“So I don’t get it,” I said as the car started to move again after a minute. “Ray Lucci steals my car but leaves ten thousand bucks in his locker? Why didn’t he take the money with him?”
“I have no idea. None of this makes any sense.”
I had another thought. “Maybe he did bring the money, and then whoever knocked him off and stuffed him in the trunk took the bag back to the chapel and put it in his locker.”
“Major hole in that story, Brett. Why would someone put the money back in the guy’s locker? It was cash. It was a load of money. He’d just take it.”
Okay, so I wasn’t a real detective. I just played around with being one every now and then.
“But it was a thought,” Tim said.
“What about Lucci threatening Sanderson?” I asked.
“I don’t know about that. DellaRocco said Sanderson was stealing his performers. That’s all. Anyway, if he was really threatening Sanderson, he probably wouldn’t tell me.”
“Probably not,” I conceded. “I think we need to find out where that money’s from.” Although I had an idea.
“Follow the money,” Tim said softly, almost as if to himself.
I was torn. If I mentioned the ten thousand dollars that Dan Franklin had withdrawn from his bank account two weeks ago, then he’d ask me how I knew about that. I wasn’t sure whether I wanted to admit that Jeff and I stole his bank statement. This would have to be approached delicately, so no one would throw us in jail.
Tim turned into the driveway for the Venetian and steered the Impala into the self-parking lane. We passed under the brick facade of the fake Doge’s Palace. Impressive. Looked almost real. If you took away the palm trees, the Mirage, and Treasure Island across the street.
Nah. It would never look even almost real. Because if you took those things away, you’d have only acres of desert. Venice was drowning. You couldn’t do that here.
We went around and around in the concrete garage, parking in a spot near the elevator that would take us to the Grand Canal Shoppes. As we got out of the car, Tim looked furtively around him, as if that blue car would appear out of nowhere again and try to run us down.
Nothing this time, though. We got into the elevator and rode in silence to the third level, getting out and going through the walkway and into the mall.
Ace was not at the oxygen bar.
That was a change. Maybe he had a client.
“I need to make a few calls,” Tim said.
“You can use the office,” I said, wondering when my next client was scheduled.
When we got to my shop, though, my question was answered for me.
Colin Bixby was leaning against the mahogany desk, talking to Bitsy.
They looked up when I pushed the door open. Tim nodded at them and, without a word, went past them to the office in the back. That was odd. He didn’t give Colin even a glance. They’d met a few months back, but maybe he didn’t recognize him.
Bitsy raised her eyebrows at me, but I gave my head a quick shake, indicating she shouldn’t ask now. I forced a smile for Bixby, still unclear why he was here.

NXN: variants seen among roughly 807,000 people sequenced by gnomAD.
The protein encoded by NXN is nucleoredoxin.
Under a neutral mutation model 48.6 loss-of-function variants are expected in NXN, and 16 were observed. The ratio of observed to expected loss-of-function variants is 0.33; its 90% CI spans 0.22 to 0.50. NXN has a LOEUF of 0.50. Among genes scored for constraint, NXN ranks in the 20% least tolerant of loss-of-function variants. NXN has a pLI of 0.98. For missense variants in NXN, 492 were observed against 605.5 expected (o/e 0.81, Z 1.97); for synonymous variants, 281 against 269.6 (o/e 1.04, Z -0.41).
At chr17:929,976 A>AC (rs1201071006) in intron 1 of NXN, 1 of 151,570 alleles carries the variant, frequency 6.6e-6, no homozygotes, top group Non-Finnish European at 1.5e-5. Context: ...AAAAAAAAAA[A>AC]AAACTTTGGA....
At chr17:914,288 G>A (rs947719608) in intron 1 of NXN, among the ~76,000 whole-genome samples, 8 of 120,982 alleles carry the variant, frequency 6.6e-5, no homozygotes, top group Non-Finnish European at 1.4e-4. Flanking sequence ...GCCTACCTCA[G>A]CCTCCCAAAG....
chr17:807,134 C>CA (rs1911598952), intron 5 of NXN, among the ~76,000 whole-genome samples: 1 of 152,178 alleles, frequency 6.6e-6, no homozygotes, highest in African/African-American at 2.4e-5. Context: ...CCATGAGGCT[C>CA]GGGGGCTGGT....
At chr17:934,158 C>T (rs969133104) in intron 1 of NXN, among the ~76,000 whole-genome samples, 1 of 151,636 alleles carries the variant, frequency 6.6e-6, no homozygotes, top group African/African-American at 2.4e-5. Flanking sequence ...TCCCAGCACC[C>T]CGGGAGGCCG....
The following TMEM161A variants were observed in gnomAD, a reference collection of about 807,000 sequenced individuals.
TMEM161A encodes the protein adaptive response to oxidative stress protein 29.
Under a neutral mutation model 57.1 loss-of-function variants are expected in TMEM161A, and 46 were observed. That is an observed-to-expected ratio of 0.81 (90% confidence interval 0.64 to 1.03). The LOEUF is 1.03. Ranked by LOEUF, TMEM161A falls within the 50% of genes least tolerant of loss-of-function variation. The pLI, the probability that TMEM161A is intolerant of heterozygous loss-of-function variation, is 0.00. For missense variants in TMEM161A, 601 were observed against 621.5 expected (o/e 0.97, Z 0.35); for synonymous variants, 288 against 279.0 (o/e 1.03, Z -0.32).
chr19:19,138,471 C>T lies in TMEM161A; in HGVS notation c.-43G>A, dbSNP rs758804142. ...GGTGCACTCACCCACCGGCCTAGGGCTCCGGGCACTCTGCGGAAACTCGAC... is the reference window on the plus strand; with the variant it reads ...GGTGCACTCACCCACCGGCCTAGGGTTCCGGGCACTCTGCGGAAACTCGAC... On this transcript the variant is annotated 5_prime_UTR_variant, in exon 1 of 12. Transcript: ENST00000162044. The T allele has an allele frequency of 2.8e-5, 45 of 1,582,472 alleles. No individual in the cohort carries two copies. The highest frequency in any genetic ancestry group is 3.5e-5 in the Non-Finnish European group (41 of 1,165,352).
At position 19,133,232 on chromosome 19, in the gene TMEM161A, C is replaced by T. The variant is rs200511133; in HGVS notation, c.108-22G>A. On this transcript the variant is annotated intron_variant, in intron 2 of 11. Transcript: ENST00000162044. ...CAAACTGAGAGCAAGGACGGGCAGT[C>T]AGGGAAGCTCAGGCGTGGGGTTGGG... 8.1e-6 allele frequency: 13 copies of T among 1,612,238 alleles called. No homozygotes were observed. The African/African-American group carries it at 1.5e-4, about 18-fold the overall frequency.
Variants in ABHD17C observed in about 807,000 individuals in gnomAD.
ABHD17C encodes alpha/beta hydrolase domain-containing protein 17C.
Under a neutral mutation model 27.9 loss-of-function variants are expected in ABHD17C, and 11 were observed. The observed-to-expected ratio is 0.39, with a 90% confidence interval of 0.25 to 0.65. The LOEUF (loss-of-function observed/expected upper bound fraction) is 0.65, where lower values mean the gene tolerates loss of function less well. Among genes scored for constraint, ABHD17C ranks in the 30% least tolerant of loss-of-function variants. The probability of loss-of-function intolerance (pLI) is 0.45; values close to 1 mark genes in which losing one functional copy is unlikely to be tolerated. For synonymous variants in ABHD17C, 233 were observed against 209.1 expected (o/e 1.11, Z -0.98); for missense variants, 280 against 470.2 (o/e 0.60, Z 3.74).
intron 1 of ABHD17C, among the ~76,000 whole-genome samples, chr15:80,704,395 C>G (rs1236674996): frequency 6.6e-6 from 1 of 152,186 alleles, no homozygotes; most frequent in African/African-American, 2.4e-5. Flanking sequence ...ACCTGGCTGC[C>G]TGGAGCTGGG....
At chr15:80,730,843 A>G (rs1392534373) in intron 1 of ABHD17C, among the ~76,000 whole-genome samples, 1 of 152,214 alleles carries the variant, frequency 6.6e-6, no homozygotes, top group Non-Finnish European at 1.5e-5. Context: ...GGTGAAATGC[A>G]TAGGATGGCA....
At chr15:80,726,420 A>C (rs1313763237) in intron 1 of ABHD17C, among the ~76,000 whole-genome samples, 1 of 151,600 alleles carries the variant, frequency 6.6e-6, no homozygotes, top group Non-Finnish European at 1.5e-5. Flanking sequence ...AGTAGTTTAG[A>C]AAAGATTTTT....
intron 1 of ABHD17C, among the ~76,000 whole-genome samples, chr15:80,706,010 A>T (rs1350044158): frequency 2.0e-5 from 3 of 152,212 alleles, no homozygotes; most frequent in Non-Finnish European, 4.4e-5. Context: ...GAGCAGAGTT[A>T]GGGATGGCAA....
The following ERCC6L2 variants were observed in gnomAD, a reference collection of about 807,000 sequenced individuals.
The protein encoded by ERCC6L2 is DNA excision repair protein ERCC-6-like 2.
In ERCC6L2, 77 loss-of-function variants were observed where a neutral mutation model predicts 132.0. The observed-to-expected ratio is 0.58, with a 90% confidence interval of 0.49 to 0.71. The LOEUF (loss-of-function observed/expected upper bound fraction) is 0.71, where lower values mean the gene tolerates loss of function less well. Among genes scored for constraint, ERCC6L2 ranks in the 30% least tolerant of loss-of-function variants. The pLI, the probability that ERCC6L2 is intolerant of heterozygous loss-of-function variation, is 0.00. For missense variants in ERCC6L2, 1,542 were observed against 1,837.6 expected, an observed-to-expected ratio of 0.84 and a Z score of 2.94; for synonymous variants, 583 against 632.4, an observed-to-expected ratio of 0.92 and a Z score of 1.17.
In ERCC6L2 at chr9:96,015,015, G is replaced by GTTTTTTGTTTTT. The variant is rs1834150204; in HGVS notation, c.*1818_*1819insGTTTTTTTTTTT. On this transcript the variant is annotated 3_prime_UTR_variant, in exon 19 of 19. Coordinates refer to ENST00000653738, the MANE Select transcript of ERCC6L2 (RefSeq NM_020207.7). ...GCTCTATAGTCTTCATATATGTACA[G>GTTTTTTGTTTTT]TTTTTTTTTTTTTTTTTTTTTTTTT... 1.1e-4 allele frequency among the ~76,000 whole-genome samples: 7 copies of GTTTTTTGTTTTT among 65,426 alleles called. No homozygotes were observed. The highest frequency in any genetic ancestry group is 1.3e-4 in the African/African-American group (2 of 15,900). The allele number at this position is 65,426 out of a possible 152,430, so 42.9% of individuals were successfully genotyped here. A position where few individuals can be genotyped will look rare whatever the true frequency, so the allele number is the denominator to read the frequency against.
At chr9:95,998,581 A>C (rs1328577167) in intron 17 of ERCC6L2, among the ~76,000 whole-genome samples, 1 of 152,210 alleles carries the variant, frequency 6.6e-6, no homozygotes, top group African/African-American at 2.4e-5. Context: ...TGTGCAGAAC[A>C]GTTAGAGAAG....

“Hi there,” I said.
It wasn’t quite a smile, just a little hint at the corner of his lips. It seemed he was as unclear about his visit as I was. But I was willing to give him the benefit of the doubt. For once.
“Want to come back?” I asked, giving my head another little shake at Bitsy, whose eyebrows were now almost to her hairline.
Colin followed me to my room, and I indicated he should go in. I closed the door after us.
“Have a seat,” I said, waving my hand toward the client chair.
Bixby stood awkwardly, his hands in his pockets, looking at the chair as if it were a wild animal that might bite him.
I laughed. “It’s okay,” I said. “I don’t have my machine on.”
The joke didn’t do much to change his mood, but he sat tentatively on the edge of the chair. I swung my wheeled chair around and sat next to him.
“I guess you’re not here for more ink,” I said after a few seconds of loud silence.
The smile peeked out then, and his green eyes flashed. His gaze was intense, and I found myself feeling all hot and bothered, but in a really good way. There was definitely something still between us.
“You seeing anyone?” he asked.
I shook my head, not sure where he was going with this. He could’ve asked me that the other day or called me to find out. A personal visit wasn’t necessary.
“I’ve been seeing someone.” His words were like a gut punch, and I found myself struggling for a breath.
Okay, I was really in the dark now.
“Maybe you should tell me why you’re here,” I said after a second. My voice sounded oddly disconnected from my body.
“But it’s not serious,” he continued as if I hadn’t said anything at all.
Something inside me switched, and I felt anger rising. He couldn’t mess around with me like this. What sort of game was he playing? Sure, I’d screwed things up before, but we’d been perfectly happy not seeing each other. Hadn’t we?
“Maybe you should spit it out,” I said, the edge in my voice sharp as a knife.
It didn’t go unnoticed.
He nodded. “I’m sorry, Brett, but seeing you again has sort of thrown me for a loop. It’s brought back some feelings I’d forgotten about. Or tried to forget about.”
I remembered what he’d told me when we met at the university the other day. How he’d just about forgotten me. I nodded.
“But I’ll tell you why I’m here. I know you’re curious.”
I wished he’d get on with it.
“It’s about Rosalie. Marino.”
My confusion about Colin Bixby melted away with the abrupt change of subject.
“What about her?”
“You know about the abuse.”
I nodded. “Yeah. I did her tattoos,” I admitted. “The purple and white ribbons on her arm. The ones that symbolize survival.”
Bixby leaned forward and I could smell his scent: a little citrus and honey with a slight hint of hospital.